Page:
Whenever a cost is shifted to the publisher’s side, the user should answer the underlying question – is that in line with the service-rendered-demands-payment rule? If so, adblock software may stand for a user’s sharp & witty method of eluding payment entirely.
And that unquestionably stands against the principles of economics. To make things more crystal clear for users, some publishers came up with an initiative to run information campaigns and educate their users about how advertisements give media more freedom and continued longevity.
Information campaign run by WP portal educating their users on the real value of ads: “Ad gives freedom to the media. Learn more why.” Source: WP.PL
WHAT IS THE MOTIVATION BEHIND ADBLOCK USAGE?
To better understand what actually drives the adblock engine, it’s essential to break down the user’s perspective into fundamental components. According to PageFair analysis (2016), there are five core reasons users are motivated to use adblock.
Firstly, it’s about possible exposure to viruses and malware, which is a reasonable threat to 30% of users. As safety reasons might be quite an issue to some, others (29%) claim that constant interruption is a the second best reason a site gets adblocked.
The remaining surveyed users blame ad-plenty sites for slower page loading times, too many ads displayed on the website, or privacy threats and possible tracking by unknown third parties, whoever they might be.
Data source: PageFair
THE TRUE COLORS OF PAYWALLS
Paywalls and paywall policies are more important for publishers than ever before. According to Yieldbird’s Publisher Survey, up to 5% of publishers have paywall solutions on their websites.
Not surprisingly, digital subscriptions now make up to 53% of the subscriptions at The Wall Street Journal, according to CJR’s research. And this is just for starters. The CNN reports that the WSJ is gradually increasing their subscriber database. The journal added 300,000 subscribers in 2016 alone.
Pay attention publishers; this is a trend to follow sooner than you might expect.
PAY OR HIT THE WALL
What is essential to understand in the first place is that paywalls should not be applied to all content available on a given website. Publishers should be aware of the benefits of partially disabled paywall solutions.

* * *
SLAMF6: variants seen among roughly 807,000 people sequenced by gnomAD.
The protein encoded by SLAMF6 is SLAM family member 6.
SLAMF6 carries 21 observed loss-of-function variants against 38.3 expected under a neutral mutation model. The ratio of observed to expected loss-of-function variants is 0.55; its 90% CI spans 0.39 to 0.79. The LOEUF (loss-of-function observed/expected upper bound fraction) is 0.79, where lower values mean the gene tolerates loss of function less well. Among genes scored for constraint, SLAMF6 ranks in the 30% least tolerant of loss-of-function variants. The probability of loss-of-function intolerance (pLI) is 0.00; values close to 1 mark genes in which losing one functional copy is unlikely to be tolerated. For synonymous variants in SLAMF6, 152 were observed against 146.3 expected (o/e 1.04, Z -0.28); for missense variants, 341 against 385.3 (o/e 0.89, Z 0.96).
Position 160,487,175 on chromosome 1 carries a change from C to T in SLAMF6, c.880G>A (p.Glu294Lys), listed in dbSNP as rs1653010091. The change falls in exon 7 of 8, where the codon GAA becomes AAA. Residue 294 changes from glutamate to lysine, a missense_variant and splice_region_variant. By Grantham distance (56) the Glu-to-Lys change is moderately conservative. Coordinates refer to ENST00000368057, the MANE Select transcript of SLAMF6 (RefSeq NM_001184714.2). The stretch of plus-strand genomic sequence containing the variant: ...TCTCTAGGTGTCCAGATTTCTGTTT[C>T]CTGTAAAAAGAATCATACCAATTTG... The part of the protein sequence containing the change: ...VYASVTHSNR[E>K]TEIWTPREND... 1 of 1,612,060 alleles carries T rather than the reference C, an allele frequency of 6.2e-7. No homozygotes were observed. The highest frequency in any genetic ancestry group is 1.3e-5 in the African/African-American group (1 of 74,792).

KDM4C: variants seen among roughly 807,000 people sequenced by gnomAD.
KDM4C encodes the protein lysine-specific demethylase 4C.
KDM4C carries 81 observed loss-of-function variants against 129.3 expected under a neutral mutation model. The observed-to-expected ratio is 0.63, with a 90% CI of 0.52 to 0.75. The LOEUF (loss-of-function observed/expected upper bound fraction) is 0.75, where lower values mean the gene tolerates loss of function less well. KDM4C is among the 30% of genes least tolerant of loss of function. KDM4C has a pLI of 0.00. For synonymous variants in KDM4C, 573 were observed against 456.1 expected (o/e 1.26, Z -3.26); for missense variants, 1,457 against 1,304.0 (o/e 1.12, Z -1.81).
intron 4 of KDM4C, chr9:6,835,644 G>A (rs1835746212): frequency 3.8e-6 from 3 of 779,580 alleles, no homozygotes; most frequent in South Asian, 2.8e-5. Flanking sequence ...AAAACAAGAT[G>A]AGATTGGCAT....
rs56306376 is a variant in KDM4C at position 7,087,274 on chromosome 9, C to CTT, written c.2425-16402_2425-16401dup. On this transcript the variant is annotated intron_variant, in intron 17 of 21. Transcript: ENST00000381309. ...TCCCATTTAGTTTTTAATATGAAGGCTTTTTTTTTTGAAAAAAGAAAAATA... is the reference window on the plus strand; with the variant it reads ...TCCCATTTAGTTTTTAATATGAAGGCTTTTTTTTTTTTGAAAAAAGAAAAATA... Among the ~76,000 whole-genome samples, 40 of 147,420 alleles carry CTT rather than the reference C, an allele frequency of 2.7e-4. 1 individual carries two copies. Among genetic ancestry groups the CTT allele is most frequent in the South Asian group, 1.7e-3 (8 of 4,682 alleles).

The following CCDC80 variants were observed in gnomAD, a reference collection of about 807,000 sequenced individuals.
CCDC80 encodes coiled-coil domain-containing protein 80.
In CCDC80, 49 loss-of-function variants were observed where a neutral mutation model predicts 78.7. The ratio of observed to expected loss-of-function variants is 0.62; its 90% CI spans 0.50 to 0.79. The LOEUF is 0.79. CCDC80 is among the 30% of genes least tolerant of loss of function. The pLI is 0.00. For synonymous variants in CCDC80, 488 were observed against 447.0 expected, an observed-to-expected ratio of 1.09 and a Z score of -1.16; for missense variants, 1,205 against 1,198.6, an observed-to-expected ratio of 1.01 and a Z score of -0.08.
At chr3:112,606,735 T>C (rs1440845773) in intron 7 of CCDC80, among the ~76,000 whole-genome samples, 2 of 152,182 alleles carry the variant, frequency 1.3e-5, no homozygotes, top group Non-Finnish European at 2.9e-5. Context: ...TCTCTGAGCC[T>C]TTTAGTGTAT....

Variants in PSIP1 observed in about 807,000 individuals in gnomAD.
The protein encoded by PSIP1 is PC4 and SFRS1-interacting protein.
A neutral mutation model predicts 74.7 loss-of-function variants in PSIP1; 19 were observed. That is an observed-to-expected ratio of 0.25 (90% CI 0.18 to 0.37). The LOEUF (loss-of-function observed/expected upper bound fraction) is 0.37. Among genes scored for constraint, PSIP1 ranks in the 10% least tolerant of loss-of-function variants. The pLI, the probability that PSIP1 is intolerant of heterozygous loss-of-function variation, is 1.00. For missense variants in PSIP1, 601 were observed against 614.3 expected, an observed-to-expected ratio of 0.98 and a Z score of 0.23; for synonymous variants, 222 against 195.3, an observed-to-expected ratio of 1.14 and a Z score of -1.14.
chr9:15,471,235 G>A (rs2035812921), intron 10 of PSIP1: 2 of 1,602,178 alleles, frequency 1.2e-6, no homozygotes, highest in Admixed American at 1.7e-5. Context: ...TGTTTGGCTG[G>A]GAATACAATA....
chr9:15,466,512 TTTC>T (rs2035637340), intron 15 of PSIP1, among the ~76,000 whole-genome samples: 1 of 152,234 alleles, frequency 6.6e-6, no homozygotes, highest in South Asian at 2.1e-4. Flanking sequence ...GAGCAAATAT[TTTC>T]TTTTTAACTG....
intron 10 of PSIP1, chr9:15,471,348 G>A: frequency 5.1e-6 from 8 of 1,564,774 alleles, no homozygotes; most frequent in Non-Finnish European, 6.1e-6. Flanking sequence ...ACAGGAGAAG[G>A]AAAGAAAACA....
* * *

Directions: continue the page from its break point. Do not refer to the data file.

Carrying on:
It simply allows more people through, both in terms of promotion and the opportunity to collect information. In the long run, the larger audience boosts a publisher’s ad sales. Data collection enables the publisher to sell better-targeted and, therefore, more expensive ads. Making a long story short, the use of paywall should be restricted to a number of free-of-charge views.
Also, publishers should keep in mind that users are not fond of paywalls, as they are regularly bothered to either pay for a subscription, delete their cookies, or switch their browser to display paid articles for free. That’s why some publishers allow users to read a limited number of articles by e.g. registering for the newsletter. And that helps both parties reach a happy medium, at least for awhile.
MORE THAN A SUBSCRIPTION. IT’S A LOYALTY PROGRAM
Let’s take a closer look at paywall subscribers. Those willing to take the plunge and contribute are reported to not only want the content, but they are consciously contributing to the publisher’s revenue and the cause itself. They want to support the publisher’s continued existence.
The benefits of collected user data may be essential to support publisher sales and advertising stats (as declared by 37% of publishers reviewed by Yieldbird), develop business analyses (up to 24%) or adjust website content to their preferences (approx. 39%).
By adjusting their content, publishers may increase their paywall subscribers by attracting future clients with content they’re interested in. Similarly, sales and advertising stats are more reliable in planning business strategies when using user-oriented data.
This data can show the potential direction of trending interests among readers or may prevent the extinction of digital magazines and newspapers.